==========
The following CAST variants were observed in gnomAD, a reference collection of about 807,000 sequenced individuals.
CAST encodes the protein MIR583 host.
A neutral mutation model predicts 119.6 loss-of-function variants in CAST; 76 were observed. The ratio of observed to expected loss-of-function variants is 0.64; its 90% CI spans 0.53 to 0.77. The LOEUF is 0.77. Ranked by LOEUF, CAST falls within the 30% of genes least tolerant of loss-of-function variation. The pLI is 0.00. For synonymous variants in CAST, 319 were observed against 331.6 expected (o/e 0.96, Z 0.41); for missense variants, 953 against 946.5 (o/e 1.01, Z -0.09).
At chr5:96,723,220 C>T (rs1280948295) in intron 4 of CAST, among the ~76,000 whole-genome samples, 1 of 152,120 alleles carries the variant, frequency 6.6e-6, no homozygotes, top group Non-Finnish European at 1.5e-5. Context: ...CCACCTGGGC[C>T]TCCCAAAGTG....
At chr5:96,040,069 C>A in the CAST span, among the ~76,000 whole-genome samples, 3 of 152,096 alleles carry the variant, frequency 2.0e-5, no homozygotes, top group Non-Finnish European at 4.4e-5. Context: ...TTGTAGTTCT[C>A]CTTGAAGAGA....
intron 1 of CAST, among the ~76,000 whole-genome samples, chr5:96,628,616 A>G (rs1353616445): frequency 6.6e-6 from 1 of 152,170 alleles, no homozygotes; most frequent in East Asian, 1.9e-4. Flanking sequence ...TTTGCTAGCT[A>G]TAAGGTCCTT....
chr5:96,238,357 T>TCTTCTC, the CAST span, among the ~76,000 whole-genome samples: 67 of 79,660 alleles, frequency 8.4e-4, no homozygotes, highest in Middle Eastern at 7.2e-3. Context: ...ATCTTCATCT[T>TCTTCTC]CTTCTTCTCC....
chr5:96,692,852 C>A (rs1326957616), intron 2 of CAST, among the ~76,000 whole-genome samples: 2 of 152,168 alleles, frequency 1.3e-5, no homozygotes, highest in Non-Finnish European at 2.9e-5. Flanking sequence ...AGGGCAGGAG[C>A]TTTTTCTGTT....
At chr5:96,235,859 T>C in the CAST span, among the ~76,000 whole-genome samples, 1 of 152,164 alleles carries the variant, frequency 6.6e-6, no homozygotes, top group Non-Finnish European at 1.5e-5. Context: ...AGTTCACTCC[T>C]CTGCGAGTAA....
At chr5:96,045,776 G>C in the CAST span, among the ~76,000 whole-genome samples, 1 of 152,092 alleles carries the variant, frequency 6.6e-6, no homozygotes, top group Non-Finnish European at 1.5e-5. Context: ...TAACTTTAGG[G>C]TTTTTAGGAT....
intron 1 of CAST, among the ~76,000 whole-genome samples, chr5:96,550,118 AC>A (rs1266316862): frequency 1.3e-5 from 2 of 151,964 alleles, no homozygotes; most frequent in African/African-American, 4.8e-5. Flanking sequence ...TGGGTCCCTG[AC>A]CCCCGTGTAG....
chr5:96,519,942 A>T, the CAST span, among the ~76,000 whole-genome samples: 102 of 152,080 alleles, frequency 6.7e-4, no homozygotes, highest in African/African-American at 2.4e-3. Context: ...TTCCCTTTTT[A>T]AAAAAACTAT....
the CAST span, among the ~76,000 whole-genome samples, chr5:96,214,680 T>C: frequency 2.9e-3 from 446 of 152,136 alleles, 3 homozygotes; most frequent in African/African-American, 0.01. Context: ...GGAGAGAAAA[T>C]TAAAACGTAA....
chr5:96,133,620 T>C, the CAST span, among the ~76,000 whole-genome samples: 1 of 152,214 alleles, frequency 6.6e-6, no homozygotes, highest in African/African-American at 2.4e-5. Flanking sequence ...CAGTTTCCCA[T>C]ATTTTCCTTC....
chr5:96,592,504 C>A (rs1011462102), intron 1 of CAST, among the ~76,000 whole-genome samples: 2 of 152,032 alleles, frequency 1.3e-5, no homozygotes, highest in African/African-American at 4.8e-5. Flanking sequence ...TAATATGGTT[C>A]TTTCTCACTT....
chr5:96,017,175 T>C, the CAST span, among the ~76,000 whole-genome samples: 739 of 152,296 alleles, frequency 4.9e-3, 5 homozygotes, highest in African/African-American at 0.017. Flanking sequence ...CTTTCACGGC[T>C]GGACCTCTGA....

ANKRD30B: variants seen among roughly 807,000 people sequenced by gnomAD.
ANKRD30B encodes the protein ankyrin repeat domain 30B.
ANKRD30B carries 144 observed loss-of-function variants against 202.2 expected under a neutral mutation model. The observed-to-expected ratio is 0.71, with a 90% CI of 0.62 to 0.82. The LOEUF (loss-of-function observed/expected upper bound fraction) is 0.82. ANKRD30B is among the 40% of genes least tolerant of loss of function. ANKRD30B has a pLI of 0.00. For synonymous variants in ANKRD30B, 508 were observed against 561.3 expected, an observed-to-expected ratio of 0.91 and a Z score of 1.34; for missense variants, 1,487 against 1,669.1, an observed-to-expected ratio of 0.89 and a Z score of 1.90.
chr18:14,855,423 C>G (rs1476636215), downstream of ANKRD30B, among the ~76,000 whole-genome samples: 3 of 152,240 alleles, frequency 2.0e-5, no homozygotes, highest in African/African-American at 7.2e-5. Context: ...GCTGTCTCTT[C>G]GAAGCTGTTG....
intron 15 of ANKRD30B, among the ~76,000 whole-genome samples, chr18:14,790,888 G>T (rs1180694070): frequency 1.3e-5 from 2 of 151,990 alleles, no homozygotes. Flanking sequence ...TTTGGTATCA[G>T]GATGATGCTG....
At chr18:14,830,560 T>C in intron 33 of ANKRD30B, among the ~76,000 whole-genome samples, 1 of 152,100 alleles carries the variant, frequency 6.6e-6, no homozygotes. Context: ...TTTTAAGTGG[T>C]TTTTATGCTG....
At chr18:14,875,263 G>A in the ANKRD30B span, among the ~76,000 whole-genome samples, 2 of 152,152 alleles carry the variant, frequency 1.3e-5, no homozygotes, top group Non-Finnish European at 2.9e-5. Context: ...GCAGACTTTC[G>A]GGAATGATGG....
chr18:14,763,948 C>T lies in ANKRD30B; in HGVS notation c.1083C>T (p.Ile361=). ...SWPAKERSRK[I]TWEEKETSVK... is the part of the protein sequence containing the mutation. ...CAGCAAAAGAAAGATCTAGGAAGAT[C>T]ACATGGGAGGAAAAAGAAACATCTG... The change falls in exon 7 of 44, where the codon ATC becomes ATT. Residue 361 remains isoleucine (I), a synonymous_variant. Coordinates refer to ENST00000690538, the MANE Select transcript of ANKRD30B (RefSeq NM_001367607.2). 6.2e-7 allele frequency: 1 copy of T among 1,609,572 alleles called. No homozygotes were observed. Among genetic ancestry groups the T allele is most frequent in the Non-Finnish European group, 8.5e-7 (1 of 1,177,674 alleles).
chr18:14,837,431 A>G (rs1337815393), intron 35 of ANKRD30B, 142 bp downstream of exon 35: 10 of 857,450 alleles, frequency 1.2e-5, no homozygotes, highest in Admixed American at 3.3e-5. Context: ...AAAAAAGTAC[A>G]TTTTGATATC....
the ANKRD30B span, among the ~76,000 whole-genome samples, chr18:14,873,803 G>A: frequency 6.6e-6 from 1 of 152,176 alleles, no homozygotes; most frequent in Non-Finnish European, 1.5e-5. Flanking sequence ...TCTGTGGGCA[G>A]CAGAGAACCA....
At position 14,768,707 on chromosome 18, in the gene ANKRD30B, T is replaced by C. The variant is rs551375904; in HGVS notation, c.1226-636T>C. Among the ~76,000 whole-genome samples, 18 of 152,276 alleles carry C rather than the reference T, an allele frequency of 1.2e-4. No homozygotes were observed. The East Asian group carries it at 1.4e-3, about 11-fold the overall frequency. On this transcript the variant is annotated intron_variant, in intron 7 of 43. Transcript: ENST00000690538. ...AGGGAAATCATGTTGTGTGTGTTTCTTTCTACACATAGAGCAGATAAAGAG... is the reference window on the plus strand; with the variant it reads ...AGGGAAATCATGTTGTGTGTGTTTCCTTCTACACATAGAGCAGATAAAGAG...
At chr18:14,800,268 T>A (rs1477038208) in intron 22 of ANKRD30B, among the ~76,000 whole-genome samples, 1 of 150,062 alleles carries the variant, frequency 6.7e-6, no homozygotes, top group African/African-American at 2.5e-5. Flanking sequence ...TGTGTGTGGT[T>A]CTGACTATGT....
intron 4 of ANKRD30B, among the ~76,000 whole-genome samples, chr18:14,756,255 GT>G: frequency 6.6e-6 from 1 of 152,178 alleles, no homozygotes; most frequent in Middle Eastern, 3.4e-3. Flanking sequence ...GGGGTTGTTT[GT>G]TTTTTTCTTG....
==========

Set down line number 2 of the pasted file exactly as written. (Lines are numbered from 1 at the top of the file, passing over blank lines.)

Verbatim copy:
CAST encodes the protein MIR583 host.